” Marijuana has accounted for nearly half of all total drug arrests in the US for the past 20 years, according to the FBI’s crime statistics. And according to the Department of Justice (DOJ), a large portion of the US illegal drug market is controlled directly by Mexican cartels. The DOJ’s National Drug Intelligence Center, which has since been shut down, found in 2011 that the top cartels controlled the majority of drug trade in marijuana, heroin, and methamphetamine in over 1,000 US cities.
Now, those cartels and their farmers complain that marijuana legalization is hurting their business. And some reports could suggest that the Drug Enforcement Agency (DEA) is more interested in helping to protect the Mexican cartels’ hold on the pot trade than in letting it dissipate.
Seven Mexican cartels have long battled for dominance of the US illegal drug market: Sinaloa, Los Zetas, Gulf, Juarez, Knights Templar, La Familia, and Tijuana. While some smaller cartels operate only along border regions in the Southwest and Southeast, giant cartels like Sinaloa have a presence on the streets of every single region.
The Washington Post reported on Tuesday that pot farmers in the Sinaloa region have stopped planting due to a massive drop in wholesale prices, from $100 per kilo down to only $25. One farmer is quoted as saying: “It’s not worth it anymore. I wish the Americans would stop with this legalization.”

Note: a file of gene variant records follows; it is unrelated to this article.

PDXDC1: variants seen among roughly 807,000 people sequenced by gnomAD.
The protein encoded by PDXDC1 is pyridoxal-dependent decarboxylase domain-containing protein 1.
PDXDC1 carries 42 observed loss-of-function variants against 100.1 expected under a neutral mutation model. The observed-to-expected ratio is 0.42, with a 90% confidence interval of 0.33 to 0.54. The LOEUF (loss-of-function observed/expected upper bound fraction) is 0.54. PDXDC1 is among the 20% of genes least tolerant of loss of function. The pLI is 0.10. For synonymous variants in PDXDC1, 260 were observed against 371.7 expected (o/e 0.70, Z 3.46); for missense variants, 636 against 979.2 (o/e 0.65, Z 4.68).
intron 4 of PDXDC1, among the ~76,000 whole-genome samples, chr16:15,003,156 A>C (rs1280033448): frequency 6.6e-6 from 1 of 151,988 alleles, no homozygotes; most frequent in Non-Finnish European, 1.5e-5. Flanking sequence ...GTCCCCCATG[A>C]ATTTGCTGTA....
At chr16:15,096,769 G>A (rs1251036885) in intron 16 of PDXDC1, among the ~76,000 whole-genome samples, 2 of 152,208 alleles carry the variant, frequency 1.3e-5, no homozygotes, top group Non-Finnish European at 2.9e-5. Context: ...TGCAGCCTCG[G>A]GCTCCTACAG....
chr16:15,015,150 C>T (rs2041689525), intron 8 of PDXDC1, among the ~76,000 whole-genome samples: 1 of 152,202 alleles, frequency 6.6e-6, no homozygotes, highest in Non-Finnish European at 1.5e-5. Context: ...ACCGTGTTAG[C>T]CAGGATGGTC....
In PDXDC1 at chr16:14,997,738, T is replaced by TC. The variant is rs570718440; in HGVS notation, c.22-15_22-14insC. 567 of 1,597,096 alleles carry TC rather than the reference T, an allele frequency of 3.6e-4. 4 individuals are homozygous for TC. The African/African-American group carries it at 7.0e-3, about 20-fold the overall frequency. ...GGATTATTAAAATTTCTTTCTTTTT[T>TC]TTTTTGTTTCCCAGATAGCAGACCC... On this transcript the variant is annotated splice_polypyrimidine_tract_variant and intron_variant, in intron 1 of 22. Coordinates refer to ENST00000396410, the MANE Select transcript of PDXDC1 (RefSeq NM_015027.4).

VICE News talked to retired federal agent Terry Nelson, a former field level commander who worked to prevent drugs from crossing the southern border. Nelson said that before medical marijuana and state legalization in Washington and Colorado, about 10 million pounds of pot were grown in the US every year. But 40 million pounds came from Mexico.”
” Given the DEA’s historic relationship with the Sinaloa cartel, and the agency’s fury over legalized marijuana, it almost seems like the DEA wants to crush the legal weed market in order to protect the interests of their cartel friends. Almost.
“ The DEA doesn’t want the drug war to end,” said Nelson, when asked about a possible connection between the agency’s hatred of legal pot and its buddies in Sinaloa. “If it ends, they don’t get their toys and their budgets. Once it ends, they aren’t going to have the kind of influence in foreign government. I’m not a conspiracy theorist, but where there’s smoke there’s probably fire.”
The Sinaloa cartel came to prominence in January when the “Fast and Furious” scandal surfaced, in which it was revealed that DEA agents ignored Sinaloa drug shipments and essentially granted immunity to cartel criminals in exchange for information.
The decade long relationship between Sinaloa and the DEA was detailed in the court testimony of Jesus Vicente Zambada-Niebla, also known as “El Mayito.” El Mayito, son of Sinaloa leader Ismael “El Mayo” Zambada, told a Chicago court that DEA agents offered him deals in exchange for ratting on rival cartels and Colombian drug lords.”
Read the whole thing at Vice